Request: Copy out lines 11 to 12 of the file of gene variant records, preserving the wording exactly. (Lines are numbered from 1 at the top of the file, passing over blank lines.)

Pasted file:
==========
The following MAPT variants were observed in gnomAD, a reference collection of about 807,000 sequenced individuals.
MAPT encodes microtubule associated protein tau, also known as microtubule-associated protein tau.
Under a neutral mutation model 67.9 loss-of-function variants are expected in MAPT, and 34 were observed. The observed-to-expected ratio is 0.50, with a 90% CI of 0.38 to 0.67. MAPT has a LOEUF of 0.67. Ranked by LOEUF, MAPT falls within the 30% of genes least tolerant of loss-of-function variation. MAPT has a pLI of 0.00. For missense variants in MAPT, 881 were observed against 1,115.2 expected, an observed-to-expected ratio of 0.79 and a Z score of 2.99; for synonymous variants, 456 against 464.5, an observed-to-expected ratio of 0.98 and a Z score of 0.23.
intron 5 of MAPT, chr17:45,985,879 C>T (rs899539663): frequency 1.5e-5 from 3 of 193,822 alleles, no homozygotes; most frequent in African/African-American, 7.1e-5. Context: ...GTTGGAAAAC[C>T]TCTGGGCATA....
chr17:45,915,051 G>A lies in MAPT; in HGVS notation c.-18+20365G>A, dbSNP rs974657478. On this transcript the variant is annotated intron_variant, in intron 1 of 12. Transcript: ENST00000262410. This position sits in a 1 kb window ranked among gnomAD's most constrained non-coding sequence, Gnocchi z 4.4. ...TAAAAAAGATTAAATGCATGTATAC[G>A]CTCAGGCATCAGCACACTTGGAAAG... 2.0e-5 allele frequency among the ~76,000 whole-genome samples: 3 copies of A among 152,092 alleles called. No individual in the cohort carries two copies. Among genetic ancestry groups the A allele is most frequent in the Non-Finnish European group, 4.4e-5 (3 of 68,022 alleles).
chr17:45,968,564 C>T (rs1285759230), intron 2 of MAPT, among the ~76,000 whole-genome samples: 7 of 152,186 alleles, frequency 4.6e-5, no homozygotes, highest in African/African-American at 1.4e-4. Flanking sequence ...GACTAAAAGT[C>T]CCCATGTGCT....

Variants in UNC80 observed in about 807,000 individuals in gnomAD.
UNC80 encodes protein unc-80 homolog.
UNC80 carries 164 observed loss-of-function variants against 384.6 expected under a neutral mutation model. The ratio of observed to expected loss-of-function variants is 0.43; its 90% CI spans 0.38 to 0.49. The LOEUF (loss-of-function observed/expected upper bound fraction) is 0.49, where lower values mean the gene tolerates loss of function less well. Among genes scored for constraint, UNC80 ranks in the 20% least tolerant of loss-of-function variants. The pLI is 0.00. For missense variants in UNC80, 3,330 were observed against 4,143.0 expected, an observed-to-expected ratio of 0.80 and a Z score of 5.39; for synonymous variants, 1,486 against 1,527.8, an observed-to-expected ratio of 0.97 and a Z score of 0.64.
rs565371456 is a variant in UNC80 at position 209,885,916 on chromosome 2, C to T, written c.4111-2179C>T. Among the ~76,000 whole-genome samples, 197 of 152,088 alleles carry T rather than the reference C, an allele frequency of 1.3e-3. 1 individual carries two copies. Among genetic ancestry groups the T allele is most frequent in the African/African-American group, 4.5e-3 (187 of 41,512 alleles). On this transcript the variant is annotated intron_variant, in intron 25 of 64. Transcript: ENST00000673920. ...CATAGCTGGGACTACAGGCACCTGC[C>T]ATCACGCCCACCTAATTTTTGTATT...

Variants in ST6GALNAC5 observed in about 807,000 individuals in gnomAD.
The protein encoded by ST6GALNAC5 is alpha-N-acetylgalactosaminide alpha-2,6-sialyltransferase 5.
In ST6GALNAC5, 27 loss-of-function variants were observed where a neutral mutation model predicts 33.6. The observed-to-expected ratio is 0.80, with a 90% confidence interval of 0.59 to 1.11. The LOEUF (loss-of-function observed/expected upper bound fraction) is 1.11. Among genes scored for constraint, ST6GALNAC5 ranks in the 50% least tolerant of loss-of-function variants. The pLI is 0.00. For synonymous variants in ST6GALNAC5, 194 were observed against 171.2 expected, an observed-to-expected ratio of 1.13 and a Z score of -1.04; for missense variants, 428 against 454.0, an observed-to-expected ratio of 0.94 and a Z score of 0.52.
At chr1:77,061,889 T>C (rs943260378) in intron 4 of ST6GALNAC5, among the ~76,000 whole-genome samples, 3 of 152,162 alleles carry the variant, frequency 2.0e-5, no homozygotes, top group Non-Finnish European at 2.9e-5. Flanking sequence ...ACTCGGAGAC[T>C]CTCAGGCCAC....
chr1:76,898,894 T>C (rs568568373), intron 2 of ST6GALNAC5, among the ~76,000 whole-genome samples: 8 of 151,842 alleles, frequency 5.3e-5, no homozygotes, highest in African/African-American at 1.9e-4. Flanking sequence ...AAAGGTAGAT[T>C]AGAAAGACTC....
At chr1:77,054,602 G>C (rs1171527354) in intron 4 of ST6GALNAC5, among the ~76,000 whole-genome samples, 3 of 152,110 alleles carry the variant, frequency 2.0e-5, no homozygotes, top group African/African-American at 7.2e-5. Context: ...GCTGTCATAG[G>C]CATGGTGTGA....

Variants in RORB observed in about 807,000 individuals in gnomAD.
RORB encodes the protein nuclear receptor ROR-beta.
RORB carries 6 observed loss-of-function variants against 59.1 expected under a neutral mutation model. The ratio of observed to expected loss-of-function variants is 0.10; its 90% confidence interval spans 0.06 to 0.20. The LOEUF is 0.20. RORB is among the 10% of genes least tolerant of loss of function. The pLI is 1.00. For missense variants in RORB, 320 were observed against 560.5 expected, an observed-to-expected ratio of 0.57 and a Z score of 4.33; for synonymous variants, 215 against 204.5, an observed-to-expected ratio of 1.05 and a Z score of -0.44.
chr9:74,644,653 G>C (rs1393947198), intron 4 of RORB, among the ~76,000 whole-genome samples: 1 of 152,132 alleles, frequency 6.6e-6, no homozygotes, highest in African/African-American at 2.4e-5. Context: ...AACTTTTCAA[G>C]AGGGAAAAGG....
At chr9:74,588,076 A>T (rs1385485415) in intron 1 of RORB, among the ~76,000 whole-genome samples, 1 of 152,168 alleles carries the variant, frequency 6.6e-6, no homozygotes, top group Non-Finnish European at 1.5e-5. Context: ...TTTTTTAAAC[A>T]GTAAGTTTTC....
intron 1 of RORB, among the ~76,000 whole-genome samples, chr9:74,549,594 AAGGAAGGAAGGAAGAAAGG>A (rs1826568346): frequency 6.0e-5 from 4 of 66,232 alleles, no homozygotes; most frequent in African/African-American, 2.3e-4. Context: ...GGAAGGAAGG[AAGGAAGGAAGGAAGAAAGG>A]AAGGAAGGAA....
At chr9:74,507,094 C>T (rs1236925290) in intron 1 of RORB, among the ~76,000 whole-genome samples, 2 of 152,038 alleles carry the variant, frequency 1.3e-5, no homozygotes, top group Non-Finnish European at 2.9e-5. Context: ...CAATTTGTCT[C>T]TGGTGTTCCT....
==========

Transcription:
Variants in ST6GALNAC5 observed in about 807,000 individuals in gnomAD.
The protein encoded by ST6GALNAC5 is alpha-N-acetylgalactosaminide alpha-2,6-sialyltransferase 5.